When I got home, I found I'd done my usual circuit 2 minutes faster than usual. And then I found this notification card on the doormat, with Grace's name on it:

Be ambitious about autism with me if you can. Ambitious about Autism's stated aim is to make the ordinary possible for children and young people with autism and its mission is to help them to learn, thrive and achieve. Help us by sharing this post on Facebook or Twitter and by clicking here 

Monday, 16 September 2013

Naked running

It's Saturday morning and time for my long run: the part of my training that still gives me butterflies and can cause me to wake up early with nerves.

The Royal Parks half-marathon is three weeks away, so this morning I am planning to run ten miles. It's not quite where I wanted to be at this point - a hiccup (read: prolonged summer holiday laziness) near the start of my training plan means that rather than peaking now with my longest runs, and having the time to taper off with a restful short run before the race, I will be instead be working hard to steadily add the miles, and hopefully the stamina, right up to October 6.

It's been a tense couple of weeks. I have not been calm in preparation for this race this year, not at all. My nutritional input has contained far more alcohol than is wise, and my sleep bank is sorely depleted. I'm still mainlining quinoa in the hope that it will counter some of the stupid decisions I have made lately about what I've put in my body (and also if I'm honest in the hope that one morning I will wake up looking like Gwyneth Paltrow) but I have no illusions about the damage I've done to my energy stores. So this morning, as I'm getting dressed in my running gear, I'm feeling nervous and a bit guilty about how my legs will cope with the miles I'm about to ask of them. Also: it's raining. Really properly raining. I'm about to go out with a hangover (don't try this at home) and bags under my eyes so big that Ryanair would charge me double, and to cap it all it's raining.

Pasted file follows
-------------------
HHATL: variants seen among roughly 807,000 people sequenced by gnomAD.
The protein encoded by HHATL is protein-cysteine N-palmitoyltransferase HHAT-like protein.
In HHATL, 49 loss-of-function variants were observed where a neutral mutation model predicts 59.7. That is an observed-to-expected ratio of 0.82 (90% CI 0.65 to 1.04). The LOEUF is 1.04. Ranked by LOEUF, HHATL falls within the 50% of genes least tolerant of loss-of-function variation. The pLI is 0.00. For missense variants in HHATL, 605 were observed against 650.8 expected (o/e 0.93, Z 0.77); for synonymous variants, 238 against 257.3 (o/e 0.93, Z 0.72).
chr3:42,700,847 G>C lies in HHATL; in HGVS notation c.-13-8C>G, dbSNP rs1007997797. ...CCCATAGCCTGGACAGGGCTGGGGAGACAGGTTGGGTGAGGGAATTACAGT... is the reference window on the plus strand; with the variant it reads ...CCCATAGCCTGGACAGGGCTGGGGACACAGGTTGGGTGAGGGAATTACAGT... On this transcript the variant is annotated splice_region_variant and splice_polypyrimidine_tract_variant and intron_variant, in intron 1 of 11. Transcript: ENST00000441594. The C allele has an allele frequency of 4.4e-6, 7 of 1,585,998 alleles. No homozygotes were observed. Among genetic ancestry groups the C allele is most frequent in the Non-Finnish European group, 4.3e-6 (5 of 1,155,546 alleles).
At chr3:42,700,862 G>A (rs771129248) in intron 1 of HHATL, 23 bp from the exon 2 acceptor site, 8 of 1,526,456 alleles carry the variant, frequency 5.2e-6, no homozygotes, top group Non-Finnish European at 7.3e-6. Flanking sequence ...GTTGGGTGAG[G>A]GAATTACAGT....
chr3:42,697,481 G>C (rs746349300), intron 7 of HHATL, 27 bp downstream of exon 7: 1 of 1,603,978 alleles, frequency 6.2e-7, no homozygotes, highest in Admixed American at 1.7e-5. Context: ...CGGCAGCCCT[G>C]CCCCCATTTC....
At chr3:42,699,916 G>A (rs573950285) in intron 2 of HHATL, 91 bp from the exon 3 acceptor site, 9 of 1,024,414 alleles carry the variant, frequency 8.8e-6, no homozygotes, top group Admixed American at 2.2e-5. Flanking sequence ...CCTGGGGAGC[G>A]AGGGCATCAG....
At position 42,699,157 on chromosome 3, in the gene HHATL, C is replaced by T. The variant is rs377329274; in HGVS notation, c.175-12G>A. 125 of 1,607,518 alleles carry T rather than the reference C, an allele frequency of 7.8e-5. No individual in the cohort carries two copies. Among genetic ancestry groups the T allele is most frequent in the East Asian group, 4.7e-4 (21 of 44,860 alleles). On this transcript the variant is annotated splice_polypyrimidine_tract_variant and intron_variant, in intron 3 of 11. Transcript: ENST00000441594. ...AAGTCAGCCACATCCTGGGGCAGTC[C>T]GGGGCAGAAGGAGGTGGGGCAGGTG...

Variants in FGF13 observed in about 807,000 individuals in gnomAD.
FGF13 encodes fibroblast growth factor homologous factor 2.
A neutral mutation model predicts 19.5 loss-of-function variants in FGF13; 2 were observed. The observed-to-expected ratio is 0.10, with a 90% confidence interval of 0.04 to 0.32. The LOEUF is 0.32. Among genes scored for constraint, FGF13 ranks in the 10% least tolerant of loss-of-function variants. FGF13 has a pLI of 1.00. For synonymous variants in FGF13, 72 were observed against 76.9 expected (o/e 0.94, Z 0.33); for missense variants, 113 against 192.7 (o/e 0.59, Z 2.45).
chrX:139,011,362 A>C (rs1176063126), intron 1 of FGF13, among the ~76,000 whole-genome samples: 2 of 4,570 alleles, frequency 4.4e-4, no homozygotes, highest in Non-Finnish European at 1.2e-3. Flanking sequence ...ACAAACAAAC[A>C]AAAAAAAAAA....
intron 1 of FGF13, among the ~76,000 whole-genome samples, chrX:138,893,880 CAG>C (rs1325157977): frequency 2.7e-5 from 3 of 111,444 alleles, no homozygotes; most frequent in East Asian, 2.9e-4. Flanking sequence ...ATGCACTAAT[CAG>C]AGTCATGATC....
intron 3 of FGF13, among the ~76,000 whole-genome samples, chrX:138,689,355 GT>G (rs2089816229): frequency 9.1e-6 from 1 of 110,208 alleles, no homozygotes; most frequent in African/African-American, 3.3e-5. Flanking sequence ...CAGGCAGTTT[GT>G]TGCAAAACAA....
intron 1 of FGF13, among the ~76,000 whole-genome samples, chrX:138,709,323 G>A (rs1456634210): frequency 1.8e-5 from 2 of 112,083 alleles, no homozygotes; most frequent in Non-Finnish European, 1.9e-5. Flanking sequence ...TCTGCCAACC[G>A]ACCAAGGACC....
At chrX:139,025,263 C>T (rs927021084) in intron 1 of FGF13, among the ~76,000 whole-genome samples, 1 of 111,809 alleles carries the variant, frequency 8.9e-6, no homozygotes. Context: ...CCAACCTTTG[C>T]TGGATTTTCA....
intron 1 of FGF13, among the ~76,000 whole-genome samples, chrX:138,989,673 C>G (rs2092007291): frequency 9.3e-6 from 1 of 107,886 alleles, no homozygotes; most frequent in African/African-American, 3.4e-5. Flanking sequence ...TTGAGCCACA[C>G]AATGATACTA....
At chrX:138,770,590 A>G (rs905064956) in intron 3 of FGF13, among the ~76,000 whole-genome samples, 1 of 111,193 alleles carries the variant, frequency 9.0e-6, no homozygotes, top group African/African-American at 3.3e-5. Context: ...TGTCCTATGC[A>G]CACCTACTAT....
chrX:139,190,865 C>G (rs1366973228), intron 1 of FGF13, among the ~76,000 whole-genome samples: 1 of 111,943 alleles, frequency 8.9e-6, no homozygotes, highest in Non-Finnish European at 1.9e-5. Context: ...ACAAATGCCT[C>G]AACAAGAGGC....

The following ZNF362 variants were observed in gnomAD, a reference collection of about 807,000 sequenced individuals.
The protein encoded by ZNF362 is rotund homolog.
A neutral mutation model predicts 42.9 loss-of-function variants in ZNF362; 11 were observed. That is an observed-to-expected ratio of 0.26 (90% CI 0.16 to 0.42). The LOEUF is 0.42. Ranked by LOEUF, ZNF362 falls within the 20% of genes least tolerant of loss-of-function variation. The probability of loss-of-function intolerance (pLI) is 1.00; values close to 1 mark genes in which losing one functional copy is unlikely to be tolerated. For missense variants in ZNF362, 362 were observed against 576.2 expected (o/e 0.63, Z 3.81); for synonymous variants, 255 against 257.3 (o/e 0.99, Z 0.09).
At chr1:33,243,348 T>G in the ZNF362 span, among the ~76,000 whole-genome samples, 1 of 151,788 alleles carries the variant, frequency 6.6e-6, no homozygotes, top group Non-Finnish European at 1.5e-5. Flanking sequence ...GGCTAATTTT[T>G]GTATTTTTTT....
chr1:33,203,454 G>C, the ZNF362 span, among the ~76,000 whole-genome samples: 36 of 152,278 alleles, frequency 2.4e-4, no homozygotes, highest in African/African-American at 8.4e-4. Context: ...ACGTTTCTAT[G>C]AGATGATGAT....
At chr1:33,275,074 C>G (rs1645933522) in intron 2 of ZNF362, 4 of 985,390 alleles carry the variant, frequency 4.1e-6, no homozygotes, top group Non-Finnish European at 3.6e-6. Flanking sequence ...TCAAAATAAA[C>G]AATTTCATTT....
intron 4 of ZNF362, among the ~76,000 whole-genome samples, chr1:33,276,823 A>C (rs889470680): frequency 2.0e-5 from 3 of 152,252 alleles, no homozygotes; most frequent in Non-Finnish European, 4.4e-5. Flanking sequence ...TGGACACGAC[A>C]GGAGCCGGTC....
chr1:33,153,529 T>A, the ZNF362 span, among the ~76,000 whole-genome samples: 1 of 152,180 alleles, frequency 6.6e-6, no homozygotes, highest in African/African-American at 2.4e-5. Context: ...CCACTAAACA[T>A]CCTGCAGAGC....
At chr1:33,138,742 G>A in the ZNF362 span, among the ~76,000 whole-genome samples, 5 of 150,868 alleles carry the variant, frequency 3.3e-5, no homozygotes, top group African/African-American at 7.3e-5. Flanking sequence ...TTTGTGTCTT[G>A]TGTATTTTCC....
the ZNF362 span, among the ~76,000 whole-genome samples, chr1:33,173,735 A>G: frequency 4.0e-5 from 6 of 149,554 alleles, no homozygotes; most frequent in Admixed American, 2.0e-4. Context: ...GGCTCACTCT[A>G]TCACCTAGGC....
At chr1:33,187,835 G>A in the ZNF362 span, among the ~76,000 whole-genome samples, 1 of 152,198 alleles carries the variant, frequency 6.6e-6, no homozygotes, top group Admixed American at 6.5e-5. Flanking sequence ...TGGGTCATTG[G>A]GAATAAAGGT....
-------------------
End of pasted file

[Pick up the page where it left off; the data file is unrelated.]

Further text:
I automatically reach for my ipod. Lately I have been relying heavily on loud music to distract me from the pain of running longish distances feeling underprepared. I admit it: too much of my training this time around has felt like a chore. But this morning my entire songlist looks inadequate: cheesy, repetitive, dull. On a good day I'm happy to admit this about my running music tastes - who needs thoughtfulness when you can have a stupidly happy bass line that will pound under your feet as well as in your ears? This morning however it's clear that there's nothing here that will help me.

Taking a deep breath I make a bold decision. This morning I'm going to run as God intended: naked of earphones, wire and MP3. I am going to run Without Music.

Quickly I grab my water bottle and watch and step outside and shut the front door before I can change my mind. Immediately the coldness of the air on my bare legs makes me whimper. I zip up my anorak and tell myself to get on with it. My watch gives the soft bleep that tells me my pace is now being tallied and judged. A gust of wind raises a line of goose bumps across my shin. Ugh ugh ugh. I take a deep breath and

I am running. For a while I can't hear anything despite the lack of headphones. My fatigue is making me numb to my surroundings. Gradually a sound emerges: the patter of rain on my back. Then the whisper of the material of my hood moving against my ears as I run. It quickly becomes annoying and I push it back so my head is exposed. My face is wet in moments. Sod it, I think and I

run a bit faster. For the next ten minutes I deliberately empty my mind: the mental equivalent of hiding under the bed. After a while - arms still moving, legs still moving, silence all around (I have set off early in the morning to avoid more people seeing my humiliation) - I let myself emerge again. Strangely, nothing hurts. My legs feel steady, my back feels strong. Without the music pushing me forward I have found my own rhythm. Not just that, but I have found a rhythm that suits me better. I am holding myself straighter and breathing more easily when I don't have to force myself to keep up with someone else's timing.